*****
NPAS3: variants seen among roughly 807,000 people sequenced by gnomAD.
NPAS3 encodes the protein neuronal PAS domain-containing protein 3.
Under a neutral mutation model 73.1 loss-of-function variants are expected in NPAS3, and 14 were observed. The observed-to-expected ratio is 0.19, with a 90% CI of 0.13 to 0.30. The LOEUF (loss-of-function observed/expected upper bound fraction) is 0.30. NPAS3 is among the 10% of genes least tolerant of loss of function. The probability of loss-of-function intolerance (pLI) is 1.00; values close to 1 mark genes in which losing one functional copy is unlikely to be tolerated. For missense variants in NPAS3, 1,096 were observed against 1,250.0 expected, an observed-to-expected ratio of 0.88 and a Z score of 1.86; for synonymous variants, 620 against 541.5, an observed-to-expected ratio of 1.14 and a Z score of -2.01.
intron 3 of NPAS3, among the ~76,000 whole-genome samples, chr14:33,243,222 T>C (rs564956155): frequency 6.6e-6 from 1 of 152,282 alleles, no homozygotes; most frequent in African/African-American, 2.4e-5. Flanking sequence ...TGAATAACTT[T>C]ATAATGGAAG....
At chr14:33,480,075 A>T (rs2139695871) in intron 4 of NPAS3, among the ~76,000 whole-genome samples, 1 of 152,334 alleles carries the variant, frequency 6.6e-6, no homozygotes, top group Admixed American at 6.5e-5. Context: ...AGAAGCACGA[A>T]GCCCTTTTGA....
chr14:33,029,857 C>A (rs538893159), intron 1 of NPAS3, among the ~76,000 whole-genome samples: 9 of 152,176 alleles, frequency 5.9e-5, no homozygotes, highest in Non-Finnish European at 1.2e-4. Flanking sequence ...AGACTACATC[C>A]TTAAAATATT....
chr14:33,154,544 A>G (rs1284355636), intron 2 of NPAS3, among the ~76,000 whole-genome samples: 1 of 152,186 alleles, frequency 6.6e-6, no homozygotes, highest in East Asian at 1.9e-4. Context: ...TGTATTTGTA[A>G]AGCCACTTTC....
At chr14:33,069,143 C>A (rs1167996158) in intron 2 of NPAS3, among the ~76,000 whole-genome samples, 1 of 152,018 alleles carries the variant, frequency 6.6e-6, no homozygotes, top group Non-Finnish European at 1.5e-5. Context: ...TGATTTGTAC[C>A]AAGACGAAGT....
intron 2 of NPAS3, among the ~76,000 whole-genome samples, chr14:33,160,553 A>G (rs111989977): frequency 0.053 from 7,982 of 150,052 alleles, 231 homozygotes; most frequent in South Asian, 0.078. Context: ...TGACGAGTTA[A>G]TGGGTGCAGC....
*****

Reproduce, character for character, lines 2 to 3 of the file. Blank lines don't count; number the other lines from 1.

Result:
NPAS3 encodes the protein neuronal PAS domain-containing protein 3.
Under a neutral mutation model 73.1 loss-of-function variants are expected in NPAS3, and 14 were observed. The observed-to-expected ratio is 0.19, with a 90% CI of 0.13 to 0.30. The LOEUF (loss-of-function observed/expected upper bound fraction) is 0.30. NPAS3 is among the 10% of genes least tolerant of loss of function. The probability of loss-of-function intolerance (pLI) is 1.00; values close to 1 mark genes in which losing one functional copy is unlikely to be tolerated. For missense variants in NPAS3, 1,096 were observed against 1,250.0 expected, an observed-to-expected ratio of 0.88 and a Z score of 1.86; for synonymous variants, 620 against 541.5, an observed-to-expected ratio of 1.14 and a Z score of -2.01.